Yildirim went to the Oregon State library and researched first names from a directory that listed board members of Silicon Valley electronics companies. “Robert” seemed to be the most popular, so Yildirim added “Robert” to his resume, reducing his Turkish first name to a middle initial. Soon, “Robert Y. Yildirim” was getting job interviews and quickly landed an engineering position with PACECO Corp., which is affiliated with the Mitsui Group, a company in Hayward, California, that designs cranes for ports and container terminals.


Yildirim worked at PACECO for five years, where he also earned a patent for his design work. Finally, he returned home to help with the family business, which employed 15 people, including his father and two brothers. Yildirim knew that joining the business meant he would no longer work as an engineer, and although it saddened him, he made the best of it.

“Without knowing anything about finance or business, I entered the business world,” he said. “For every problem I ran into, I had to go find a book or a businessperson who knew about that.”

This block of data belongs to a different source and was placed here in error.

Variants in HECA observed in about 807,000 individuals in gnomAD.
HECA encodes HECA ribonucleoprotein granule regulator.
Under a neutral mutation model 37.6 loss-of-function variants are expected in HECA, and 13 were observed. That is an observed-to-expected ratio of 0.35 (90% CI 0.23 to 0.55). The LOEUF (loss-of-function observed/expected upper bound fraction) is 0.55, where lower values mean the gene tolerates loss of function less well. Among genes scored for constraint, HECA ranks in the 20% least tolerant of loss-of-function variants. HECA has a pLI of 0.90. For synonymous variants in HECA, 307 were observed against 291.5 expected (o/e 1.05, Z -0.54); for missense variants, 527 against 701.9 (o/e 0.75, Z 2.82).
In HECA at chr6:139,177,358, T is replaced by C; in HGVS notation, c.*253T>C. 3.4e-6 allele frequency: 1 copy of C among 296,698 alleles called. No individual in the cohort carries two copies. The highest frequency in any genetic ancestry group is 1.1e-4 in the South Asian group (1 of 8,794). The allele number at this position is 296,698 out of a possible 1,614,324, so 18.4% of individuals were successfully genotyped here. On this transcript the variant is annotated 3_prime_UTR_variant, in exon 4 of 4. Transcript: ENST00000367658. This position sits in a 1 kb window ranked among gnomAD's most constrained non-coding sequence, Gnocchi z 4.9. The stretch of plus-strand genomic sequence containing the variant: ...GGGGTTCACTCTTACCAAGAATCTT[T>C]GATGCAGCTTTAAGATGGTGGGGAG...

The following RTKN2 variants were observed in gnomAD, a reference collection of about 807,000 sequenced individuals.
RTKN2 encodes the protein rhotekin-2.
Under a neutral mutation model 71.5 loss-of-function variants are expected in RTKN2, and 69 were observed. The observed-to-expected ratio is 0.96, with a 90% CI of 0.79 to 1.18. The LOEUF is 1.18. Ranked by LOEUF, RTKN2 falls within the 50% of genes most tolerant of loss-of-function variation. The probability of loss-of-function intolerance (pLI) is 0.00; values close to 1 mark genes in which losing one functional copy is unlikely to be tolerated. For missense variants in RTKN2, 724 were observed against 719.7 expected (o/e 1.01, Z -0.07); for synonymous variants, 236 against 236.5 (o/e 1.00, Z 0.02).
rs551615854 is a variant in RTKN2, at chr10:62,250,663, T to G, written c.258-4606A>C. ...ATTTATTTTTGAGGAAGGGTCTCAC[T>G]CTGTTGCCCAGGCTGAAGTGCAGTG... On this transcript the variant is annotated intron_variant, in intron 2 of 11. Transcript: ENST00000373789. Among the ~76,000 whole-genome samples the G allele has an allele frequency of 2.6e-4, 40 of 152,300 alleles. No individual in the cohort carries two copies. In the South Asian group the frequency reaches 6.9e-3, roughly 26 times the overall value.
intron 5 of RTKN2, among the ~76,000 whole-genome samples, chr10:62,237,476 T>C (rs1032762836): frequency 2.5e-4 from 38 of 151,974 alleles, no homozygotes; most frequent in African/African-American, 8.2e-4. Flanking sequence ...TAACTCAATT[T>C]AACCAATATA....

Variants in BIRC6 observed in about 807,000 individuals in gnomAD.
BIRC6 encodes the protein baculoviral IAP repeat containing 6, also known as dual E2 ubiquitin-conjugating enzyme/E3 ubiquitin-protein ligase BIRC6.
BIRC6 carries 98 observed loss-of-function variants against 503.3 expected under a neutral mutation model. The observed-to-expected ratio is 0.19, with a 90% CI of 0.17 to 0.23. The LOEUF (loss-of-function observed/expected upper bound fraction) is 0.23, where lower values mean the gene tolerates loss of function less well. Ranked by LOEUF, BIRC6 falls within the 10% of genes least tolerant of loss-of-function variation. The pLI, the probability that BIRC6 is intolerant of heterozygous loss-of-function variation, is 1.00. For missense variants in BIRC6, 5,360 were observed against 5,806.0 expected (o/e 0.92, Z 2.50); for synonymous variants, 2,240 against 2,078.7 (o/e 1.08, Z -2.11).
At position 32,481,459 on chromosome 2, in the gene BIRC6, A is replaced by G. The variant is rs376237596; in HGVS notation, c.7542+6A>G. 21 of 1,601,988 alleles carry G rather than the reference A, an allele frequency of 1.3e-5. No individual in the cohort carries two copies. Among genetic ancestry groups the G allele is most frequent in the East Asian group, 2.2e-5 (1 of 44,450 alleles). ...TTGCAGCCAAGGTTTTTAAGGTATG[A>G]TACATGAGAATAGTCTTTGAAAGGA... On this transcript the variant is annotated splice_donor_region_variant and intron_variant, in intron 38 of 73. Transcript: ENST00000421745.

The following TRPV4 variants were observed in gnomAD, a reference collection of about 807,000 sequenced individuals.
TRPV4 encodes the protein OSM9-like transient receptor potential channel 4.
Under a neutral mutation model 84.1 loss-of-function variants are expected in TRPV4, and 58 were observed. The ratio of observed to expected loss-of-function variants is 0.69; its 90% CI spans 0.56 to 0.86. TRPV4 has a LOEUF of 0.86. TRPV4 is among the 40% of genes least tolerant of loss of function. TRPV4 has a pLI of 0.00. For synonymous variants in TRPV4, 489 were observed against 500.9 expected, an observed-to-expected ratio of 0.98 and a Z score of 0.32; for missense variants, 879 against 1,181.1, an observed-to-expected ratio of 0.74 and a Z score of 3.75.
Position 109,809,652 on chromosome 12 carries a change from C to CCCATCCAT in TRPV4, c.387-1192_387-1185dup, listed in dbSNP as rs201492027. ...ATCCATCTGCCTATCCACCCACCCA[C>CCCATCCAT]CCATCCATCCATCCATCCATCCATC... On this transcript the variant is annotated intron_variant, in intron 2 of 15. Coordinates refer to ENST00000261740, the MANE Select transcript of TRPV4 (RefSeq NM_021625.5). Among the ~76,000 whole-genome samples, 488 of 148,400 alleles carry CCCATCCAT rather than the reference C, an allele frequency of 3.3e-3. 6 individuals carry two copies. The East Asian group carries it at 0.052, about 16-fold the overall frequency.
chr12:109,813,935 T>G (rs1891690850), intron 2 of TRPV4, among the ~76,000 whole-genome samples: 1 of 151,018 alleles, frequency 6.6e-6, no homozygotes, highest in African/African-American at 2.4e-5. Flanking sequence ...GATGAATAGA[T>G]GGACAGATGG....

He researched business opportunities in Turkey and plotted how he could use his command of English to expand business into other countries.

His family had done some domestic coal trading, so Yildirim started there, traveling to Siberia to explore import opportunities. He applied what he’d learned while working at PACECO to developing relationships with his Russian partners.

“In Russia, once they get to know you, they want to start socializing, and once you start socializing you become friends — and then business automatically follows,” Yildirim said. “I had to drink a lot of vodka, go to saunas, and do things like that to become a good friend, an insider, and eventually, it worked.”

The early days were challenging because the communications system in Siberia was rudimentary, at best. To talk by telephone with his brothers and parents back home, Yildirim had to place a call at the local post office and then wait 24 hours or longer for the call to be put through. But when his business dealings in Siberia started to bear fruit, Yildirim knew he was onto something.